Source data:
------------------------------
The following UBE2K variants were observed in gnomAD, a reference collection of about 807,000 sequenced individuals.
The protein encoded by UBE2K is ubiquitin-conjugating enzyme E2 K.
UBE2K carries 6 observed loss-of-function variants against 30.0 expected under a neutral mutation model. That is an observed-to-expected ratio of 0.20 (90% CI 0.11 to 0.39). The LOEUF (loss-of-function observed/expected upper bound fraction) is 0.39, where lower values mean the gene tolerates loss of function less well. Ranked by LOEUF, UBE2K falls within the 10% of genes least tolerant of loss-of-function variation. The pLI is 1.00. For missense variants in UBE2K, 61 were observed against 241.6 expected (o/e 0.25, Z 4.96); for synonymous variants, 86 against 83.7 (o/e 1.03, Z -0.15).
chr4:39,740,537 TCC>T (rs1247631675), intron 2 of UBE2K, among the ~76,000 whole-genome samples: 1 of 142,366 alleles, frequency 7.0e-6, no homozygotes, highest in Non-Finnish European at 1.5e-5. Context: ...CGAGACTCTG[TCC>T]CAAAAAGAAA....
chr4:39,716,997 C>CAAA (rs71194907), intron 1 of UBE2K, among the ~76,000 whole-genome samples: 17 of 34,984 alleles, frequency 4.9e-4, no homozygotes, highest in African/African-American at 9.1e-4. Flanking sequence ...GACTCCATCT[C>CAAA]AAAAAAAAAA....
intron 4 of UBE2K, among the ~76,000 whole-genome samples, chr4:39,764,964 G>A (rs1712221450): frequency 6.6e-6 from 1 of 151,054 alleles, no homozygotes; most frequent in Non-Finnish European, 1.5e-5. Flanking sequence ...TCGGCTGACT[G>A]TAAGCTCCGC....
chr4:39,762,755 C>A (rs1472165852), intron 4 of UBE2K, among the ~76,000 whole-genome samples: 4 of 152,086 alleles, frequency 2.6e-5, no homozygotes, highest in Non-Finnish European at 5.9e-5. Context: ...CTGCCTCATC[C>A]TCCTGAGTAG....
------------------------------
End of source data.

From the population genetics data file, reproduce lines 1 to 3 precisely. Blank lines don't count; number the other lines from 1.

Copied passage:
The following UBE2K variants were observed in gnomAD, a reference collection of about 807,000 sequenced individuals.
The protein encoded by UBE2K is ubiquitin-conjugating enzyme E2 K.
UBE2K carries 6 observed loss-of-function variants against 30.0 expected under a neutral mutation model. That is an observed-to-expected ratio of 0.20 (90% CI 0.11 to 0.39). The LOEUF (loss-of-function observed/expected upper bound fraction) is 0.39, where lower values mean the gene tolerates loss of function less well. Ranked by LOEUF, UBE2K falls within the 10% of genes least tolerant of loss-of-function variation. The pLI is 1.00. For missense variants in UBE2K, 61 were observed against 241.6 expected (o/e 0.25, Z 4.96); for synonymous variants, 86 against 83.7 (o/e 1.03, Z -0.15).